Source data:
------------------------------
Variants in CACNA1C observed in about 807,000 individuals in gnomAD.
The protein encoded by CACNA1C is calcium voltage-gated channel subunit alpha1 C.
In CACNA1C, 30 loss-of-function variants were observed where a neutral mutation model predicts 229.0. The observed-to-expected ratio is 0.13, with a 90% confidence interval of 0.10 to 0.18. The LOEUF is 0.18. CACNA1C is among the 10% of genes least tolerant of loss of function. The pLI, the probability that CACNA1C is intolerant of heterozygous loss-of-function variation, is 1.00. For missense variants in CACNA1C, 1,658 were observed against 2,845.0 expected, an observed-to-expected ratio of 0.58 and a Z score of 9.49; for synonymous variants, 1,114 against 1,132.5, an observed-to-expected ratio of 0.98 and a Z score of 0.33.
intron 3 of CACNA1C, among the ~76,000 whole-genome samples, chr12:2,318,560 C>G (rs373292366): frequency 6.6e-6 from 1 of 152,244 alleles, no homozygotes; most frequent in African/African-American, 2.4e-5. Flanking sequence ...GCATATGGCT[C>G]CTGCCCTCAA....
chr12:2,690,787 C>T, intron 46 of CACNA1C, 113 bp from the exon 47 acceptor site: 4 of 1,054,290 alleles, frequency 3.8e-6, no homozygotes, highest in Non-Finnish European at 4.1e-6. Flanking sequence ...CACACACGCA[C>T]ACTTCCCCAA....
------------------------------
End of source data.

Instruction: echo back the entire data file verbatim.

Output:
Variants in CACNA1C observed in about 807,000 individuals in gnomAD.
The protein encoded by CACNA1C is calcium voltage-gated channel subunit alpha1 C.
In CACNA1C, 30 loss-of-function variants were observed where a neutral mutation model predicts 229.0. The observed-to-expected ratio is 0.13, with a 90% confidence interval of 0.10 to 0.18. The LOEUF is 0.18. CACNA1C is among the 10% of genes least tolerant of loss of function. The pLI, the probability that CACNA1C is intolerant of heterozygous loss-of-function variation, is 1.00. For missense variants in CACNA1C, 1,658 were observed against 2,845.0 expected, an observed-to-expected ratio of 0.58 and a Z score of 9.49; for synonymous variants, 1,114 against 1,132.5, an observed-to-expected ratio of 0.98 and a Z score of 0.33.
intron 3 of CACNA1C, among the ~76,000 whole-genome samples, chr12:2,318,560 C>G (rs373292366): frequency 6.6e-6 from 1 of 152,244 alleles, no homozygotes; most frequent in African/African-American, 2.4e-5. Flanking sequence ...GCATATGGCT[C>G]CTGCCCTCAA....
chr12:2,690,787 C>T, intron 46 of CACNA1C, 113 bp from the exon 47 acceptor site: 4 of 1,054,290 alleles, frequency 3.8e-6, no homozygotes, highest in Non-Finnish European at 4.1e-6. Flanking sequence ...CACACACGCA[C>T]ACTTCCCCAA....